Is it legitimate to use an alias on Facebook?


Is it legitimate to use an alias on Facebook?

Wednesday, 8 January, 2020

Facebook unjustly requires users to sign up with their legal name.

Consumer advocates in Germany have sued Facebook in front of the Berlin court for violating the German privacy policy. At first instance, the Berlin court agreed with consumer advisors and convicted Facebook of violating data protection guidelines (AZ 16 O 341/15, the judgment is open to appeal). Facebook’s terms and conditions, which are overlooked by many users, state that users must log on to Facebook with their true legal name. As claimed by the Berlin court this provision violates the German Telemedia Act, according to which every user of an online service is free to register with their real name or with an alias if they wish.

As defined by the German Telemedia Act, users may at any time use the Internet "anonymously or under a pseudonym, as long as this is technically possible and reasonable". However, this special German law on anonymous use of the Internet is now repealed by the General Data Protection Regulation, which was enforced throughout the European Union in May of this year. The EU General Data Protection Regulation does not give users the right to anonymously use a service offered on the Internet, nor does it require, however, that a user must always log in to that service with their legal name. It is regrettable that the new EU-wide rules are less specific than the former German Telemedia Act.

The German judges also found that other clauses in the general terms and conditions of Facebook were unlawful: For example, the user’s default agreement to these terms and conditions is unlawful because it allows Facebook exploit its users’ names and profile pictures for "commercial, sponsored and related content". The court found that Facebook did not provide sufficient clear and understandable information as to how they intend to use profile data. Also, when a user downloads the Facebook app on a mobile phone it automatically grants Facebook access to the phone’s tracking service, which may be used by the app immediately. This also disagrees with the admissible general terms, according to the German court.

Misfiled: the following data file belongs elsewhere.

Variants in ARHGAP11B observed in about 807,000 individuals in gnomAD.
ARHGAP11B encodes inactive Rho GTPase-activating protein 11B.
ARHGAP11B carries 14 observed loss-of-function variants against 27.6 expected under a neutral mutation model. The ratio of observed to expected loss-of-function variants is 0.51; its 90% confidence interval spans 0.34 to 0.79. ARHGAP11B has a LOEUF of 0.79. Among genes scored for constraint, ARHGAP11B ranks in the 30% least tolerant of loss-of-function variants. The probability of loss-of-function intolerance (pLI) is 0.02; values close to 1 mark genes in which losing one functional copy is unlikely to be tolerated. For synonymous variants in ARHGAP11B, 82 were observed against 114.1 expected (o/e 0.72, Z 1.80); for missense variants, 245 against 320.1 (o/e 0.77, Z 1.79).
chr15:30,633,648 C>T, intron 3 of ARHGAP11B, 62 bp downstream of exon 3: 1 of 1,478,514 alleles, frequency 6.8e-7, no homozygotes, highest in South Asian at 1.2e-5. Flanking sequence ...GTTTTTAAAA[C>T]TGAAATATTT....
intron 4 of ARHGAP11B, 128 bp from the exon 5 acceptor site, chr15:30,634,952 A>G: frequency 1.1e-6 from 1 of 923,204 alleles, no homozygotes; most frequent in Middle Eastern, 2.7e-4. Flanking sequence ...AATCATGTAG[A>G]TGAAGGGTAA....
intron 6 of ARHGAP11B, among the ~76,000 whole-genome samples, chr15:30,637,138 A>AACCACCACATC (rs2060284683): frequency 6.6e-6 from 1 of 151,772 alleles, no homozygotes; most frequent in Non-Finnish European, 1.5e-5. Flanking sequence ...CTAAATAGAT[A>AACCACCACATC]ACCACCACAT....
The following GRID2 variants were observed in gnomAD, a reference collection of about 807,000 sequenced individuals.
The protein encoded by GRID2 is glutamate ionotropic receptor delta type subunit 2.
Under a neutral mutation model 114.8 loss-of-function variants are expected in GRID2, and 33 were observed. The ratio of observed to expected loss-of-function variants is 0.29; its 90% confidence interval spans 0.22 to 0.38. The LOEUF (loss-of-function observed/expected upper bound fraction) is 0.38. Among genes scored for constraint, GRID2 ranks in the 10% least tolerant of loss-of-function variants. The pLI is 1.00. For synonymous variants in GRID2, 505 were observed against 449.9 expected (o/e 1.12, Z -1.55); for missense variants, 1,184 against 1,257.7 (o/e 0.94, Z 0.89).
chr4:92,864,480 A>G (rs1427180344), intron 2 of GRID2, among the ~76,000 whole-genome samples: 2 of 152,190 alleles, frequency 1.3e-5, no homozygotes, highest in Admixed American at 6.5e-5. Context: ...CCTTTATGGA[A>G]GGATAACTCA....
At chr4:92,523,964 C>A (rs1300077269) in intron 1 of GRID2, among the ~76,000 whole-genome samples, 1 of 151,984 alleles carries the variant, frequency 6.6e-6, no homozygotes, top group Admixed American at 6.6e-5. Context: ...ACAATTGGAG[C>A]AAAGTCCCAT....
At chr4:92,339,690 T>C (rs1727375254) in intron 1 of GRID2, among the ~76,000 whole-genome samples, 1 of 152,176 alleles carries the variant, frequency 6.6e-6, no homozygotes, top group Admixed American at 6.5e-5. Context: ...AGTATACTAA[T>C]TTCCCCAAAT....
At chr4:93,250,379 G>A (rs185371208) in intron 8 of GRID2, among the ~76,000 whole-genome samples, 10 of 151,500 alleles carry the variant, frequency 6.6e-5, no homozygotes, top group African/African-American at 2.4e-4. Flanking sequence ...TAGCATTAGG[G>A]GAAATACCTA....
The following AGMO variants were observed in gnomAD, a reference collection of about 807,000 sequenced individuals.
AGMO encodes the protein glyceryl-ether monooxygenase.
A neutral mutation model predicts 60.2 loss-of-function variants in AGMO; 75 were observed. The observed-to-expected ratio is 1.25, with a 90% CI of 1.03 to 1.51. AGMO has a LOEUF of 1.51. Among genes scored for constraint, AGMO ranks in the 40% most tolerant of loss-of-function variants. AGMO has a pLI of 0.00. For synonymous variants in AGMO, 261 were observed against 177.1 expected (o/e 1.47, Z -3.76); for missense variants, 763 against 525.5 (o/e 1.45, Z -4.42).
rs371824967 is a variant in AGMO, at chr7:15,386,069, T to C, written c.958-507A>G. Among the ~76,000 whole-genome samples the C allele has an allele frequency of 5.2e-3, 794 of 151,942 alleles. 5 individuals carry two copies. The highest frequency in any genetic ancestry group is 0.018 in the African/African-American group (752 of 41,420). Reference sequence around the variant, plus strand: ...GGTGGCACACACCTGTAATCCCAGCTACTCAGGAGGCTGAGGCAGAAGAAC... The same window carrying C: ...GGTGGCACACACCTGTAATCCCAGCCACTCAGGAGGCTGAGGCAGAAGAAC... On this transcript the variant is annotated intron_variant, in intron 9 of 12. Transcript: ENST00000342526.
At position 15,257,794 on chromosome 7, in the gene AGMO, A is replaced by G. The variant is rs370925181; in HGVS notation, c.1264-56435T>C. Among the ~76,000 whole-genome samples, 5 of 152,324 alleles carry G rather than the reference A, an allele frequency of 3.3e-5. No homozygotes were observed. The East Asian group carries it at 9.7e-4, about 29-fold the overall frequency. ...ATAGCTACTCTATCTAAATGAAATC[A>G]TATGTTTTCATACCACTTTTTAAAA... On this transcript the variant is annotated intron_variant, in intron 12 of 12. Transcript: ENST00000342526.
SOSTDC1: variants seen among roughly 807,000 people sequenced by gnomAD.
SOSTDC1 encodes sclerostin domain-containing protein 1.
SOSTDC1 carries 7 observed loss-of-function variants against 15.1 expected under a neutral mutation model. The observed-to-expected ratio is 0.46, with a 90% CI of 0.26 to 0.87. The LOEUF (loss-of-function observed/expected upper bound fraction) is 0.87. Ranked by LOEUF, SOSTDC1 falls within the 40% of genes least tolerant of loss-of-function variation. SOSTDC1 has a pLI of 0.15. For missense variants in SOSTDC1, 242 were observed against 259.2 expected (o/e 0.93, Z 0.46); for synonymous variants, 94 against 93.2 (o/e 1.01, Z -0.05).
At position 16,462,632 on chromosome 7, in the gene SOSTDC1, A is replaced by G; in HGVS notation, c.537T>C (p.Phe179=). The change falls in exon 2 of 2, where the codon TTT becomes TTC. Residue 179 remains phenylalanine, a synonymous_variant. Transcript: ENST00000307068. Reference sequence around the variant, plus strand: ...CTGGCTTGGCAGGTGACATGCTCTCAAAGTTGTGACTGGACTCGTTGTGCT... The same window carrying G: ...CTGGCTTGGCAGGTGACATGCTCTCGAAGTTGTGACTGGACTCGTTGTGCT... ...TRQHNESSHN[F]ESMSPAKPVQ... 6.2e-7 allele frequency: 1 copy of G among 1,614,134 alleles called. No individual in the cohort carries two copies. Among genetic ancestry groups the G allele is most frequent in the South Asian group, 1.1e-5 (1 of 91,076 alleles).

Only in one case the judges agreed on Facebook acting correctly, contrary to the opinion of the consumer advocates: Facebook may continue to advertise that it offers its service for free. Consumer advocates have argued that users actually pay Facebook with their personal data and thus making the service not free. The court ruled, however, that data transfer is not a payment in the true sense of the word, making it continuously legal for Facebook to advertise its’ service as free of use. Facebook took the decision as an opportunity to incorporate the privacy policy into the terms and conditions.

Dr Christoph Kerres LLM (Georgetown)

For more legal information please contact Mr Kerres via tel +43 (1) 516 60 or e-mail

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